• In my master’s thesis, I researched how nonprofit organizations were using data to have a bigger impact on the community. In the literature review, I identified ~10 specific examples of data use, which were all related to the broader theme of data use.
    • The U.S. Surgeon General’s Framework for Workplace Mental Health & Wellness (scroll down a bit here).

    Pyramids

    Pyramids, or ladders, are for concepts that build upon one another. The base layer is the foundation, the middle layer builds upon it, and you’re aiming for the pinnacle at the very top.

    Example:

    • In my Report Redesign classes, I organized the techniques into a pyramid. Participants learn the foundational skills, then the slightly narrower skills, then the nitty-gritty details that pull everything together.

    Matrices

    Matrices are fancy tables or plots.

    Examples:

    Venn Diagrams

    Venn Diagrams are for interwoven, overlapping components.

    Example:

    • A project involving several groups of people, who all come together to advocate for their issue.

    Honeycomb

    Honeycombs, meh. I don’t love these. They’re overused, along with the gears. If you’re not sure what else to use, this is still better than a Text Wall.

    Step 2: Introduce Your Diagram

    Show the fully-colored diagram.

    Don’t cram too much text on the diagram itself. In this example, I’m pretending we’re describing three steps, which repeat over and over.

    Add a paragraph or two to explain the diagram at a high level.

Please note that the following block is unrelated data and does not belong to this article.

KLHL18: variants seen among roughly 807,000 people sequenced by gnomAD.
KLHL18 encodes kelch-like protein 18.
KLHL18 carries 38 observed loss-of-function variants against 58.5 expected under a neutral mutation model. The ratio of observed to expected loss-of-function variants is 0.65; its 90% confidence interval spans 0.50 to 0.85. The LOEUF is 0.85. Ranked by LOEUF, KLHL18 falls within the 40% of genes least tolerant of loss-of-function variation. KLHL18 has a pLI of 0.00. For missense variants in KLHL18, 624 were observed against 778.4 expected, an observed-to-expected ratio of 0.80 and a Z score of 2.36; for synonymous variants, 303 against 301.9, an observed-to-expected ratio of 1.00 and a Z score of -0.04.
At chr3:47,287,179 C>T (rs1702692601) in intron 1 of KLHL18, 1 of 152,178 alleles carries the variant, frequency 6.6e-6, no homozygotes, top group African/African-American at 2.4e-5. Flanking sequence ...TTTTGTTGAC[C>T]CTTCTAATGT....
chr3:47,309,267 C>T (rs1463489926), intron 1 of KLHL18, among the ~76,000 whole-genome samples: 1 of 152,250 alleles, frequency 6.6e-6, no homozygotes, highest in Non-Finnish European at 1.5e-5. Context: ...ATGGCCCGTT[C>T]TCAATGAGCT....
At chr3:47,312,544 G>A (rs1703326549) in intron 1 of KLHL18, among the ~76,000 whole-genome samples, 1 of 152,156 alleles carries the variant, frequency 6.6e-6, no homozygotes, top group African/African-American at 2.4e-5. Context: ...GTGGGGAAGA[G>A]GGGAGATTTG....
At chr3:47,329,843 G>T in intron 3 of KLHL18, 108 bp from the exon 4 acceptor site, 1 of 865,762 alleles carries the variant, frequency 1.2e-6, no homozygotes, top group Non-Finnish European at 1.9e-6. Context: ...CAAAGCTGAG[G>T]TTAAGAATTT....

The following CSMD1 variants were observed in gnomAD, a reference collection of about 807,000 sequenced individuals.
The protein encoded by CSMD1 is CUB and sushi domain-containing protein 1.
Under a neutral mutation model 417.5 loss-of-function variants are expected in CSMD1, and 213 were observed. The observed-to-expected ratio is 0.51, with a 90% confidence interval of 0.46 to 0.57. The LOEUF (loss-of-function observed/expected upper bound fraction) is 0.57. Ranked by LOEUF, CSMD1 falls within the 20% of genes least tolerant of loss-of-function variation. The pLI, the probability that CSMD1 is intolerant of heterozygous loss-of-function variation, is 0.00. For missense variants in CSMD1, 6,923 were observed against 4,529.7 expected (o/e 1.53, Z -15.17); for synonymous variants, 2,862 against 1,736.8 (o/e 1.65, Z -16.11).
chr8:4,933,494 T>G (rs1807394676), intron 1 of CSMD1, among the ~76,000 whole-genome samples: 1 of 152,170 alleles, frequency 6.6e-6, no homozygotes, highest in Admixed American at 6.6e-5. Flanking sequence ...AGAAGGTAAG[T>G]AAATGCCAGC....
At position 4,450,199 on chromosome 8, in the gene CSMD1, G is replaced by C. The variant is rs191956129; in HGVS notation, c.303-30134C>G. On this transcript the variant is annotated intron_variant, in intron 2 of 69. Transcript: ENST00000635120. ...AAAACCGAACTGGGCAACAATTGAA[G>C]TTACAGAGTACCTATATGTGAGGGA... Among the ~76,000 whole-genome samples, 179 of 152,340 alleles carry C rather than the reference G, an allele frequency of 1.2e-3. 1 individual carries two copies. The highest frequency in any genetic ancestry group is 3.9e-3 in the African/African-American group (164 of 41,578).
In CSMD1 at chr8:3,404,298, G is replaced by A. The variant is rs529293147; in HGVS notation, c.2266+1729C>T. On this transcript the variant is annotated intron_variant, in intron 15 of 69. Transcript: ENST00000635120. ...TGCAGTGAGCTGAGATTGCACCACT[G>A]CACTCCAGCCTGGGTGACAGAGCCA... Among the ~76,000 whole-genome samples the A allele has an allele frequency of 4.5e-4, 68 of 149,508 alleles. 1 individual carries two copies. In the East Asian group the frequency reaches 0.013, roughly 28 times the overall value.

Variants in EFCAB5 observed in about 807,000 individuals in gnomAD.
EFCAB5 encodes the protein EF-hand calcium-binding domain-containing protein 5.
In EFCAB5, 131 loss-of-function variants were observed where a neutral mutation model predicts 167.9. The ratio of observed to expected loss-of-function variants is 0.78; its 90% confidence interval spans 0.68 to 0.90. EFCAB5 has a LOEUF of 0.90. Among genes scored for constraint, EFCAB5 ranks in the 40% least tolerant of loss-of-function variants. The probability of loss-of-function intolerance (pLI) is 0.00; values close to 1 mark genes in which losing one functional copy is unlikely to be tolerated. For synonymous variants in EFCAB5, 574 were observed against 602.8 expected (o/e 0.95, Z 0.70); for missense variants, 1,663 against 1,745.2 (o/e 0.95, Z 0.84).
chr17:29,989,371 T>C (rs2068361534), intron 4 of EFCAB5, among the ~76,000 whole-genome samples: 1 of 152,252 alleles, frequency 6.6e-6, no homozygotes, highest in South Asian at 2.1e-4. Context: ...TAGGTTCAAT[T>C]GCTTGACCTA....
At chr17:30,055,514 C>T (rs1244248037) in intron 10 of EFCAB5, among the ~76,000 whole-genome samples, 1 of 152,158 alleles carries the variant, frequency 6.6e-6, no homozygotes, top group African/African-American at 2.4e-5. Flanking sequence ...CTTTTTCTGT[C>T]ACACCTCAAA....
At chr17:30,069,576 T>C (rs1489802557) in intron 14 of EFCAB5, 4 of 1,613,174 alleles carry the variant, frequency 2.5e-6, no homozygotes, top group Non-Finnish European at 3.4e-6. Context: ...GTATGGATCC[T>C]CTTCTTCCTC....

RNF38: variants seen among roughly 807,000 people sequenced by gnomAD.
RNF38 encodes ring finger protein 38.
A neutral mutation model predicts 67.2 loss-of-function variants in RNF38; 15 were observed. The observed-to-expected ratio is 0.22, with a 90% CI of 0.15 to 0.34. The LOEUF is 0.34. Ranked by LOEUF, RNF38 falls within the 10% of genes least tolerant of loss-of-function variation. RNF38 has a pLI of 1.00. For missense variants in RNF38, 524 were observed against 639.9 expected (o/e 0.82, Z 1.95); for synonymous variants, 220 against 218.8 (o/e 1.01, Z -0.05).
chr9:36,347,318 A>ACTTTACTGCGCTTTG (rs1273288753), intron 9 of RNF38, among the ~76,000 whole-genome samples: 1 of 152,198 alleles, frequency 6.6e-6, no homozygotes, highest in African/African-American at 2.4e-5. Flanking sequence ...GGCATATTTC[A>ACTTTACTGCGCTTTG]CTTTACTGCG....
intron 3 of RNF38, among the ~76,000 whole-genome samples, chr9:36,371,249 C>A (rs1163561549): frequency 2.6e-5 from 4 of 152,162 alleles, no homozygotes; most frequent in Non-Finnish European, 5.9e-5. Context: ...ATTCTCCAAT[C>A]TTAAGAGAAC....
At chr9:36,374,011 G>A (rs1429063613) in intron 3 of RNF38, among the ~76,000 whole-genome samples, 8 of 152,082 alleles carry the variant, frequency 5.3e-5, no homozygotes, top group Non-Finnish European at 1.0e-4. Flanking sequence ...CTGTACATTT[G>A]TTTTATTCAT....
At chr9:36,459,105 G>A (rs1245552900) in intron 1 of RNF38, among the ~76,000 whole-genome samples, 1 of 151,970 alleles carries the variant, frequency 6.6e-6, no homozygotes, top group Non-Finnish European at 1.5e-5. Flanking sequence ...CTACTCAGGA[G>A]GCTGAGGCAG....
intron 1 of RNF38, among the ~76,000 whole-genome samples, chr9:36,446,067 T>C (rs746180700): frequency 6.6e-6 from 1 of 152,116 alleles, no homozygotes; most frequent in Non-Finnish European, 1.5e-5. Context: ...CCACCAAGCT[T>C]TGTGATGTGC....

Make sure there’s plenty of color contrast by using bold white or bold black text against your brand colors. Use this color contrast checker to figure out which font color to use.

    Step 3: Repeat Your Diagram

    Here’s the important part: Repeat your diagram as you explain each segment in more detail.

    Copy and paste the diagram.

    Then, gray everything out, and just highlight the segment you’re explaining in a dark brand color.

    For bonus points, you can color-code the Heading 2s to match the diagram.

    Make sure your colors are consistent with what you introduced earlier!!! You wouldn’t want Step 1 to be purple, and then blue, and then green.

    I usually delete the words from the diagram that I’m not currently explaining. For example, when explaining Step 1, I delete the words Step 2 and Step 3 from the diagram. I don’t want any issues with color contrast; the white font wouldn’t be legible against the light gray diagram, so I simply delete it.

    Make sure there’s plenty of white space between sections. I use at least 0.5 inches of white space (e.g., between the diagram and its paragraph, between the paragraphs).